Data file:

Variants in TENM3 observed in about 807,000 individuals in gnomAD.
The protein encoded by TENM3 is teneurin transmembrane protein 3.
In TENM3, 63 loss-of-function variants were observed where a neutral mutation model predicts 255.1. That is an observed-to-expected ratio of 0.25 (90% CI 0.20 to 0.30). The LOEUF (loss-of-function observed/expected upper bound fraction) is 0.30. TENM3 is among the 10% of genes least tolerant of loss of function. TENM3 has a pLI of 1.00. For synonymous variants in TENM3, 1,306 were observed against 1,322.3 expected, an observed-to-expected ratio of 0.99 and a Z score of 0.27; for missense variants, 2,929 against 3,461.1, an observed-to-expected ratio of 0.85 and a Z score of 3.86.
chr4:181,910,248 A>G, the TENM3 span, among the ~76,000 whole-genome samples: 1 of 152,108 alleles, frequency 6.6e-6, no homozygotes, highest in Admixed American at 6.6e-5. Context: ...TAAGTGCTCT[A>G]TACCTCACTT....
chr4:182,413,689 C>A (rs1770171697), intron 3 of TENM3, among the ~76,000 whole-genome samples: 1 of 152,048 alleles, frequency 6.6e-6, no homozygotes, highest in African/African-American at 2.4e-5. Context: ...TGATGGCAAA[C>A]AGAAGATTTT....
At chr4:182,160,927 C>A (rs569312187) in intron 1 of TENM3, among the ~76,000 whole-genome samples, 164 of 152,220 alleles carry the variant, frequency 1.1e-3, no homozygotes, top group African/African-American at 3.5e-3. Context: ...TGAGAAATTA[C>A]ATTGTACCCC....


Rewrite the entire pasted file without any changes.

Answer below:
Variants in TENM3 observed in about 807,000 individuals in gnomAD.
The protein encoded by TENM3 is teneurin transmembrane protein 3.
In TENM3, 63 loss-of-function variants were observed where a neutral mutation model predicts 255.1. That is an observed-to-expected ratio of 0.25 (90% CI 0.20 to 0.30). The LOEUF (loss-of-function observed/expected upper bound fraction) is 0.30. TENM3 is among the 10% of genes least tolerant of loss of function. TENM3 has a pLI of 1.00. For synonymous variants in TENM3, 1,306 were observed against 1,322.3 expected, an observed-to-expected ratio of 0.99 and a Z score of 0.27; for missense variants, 2,929 against 3,461.1, an observed-to-expected ratio of 0.85 and a Z score of 3.86.
chr4:181,910,248 A>G, the TENM3 span, among the ~76,000 whole-genome samples: 1 of 152,108 alleles, frequency 6.6e-6, no homozygotes, highest in Admixed American at 6.6e-5. Context: ...TAAGTGCTCT[A>G]TACCTCACTT....
chr4:182,413,689 C>A (rs1770171697), intron 3 of TENM3, among the ~76,000 whole-genome samples: 1 of 152,048 alleles, frequency 6.6e-6, no homozygotes, highest in African/African-American at 2.4e-5. Context: ...TGATGGCAAA[C>A]AGAAGATTTT....
At chr4:182,160,927 C>A (rs569312187) in intron 1 of TENM3, among the ~76,000 whole-genome samples, 164 of 152,220 alleles carry the variant, frequency 1.1e-3, no homozygotes, top group African/African-American at 3.5e-3. Context: ...TGAGAAATTA[C>A]ATTGTACCCC....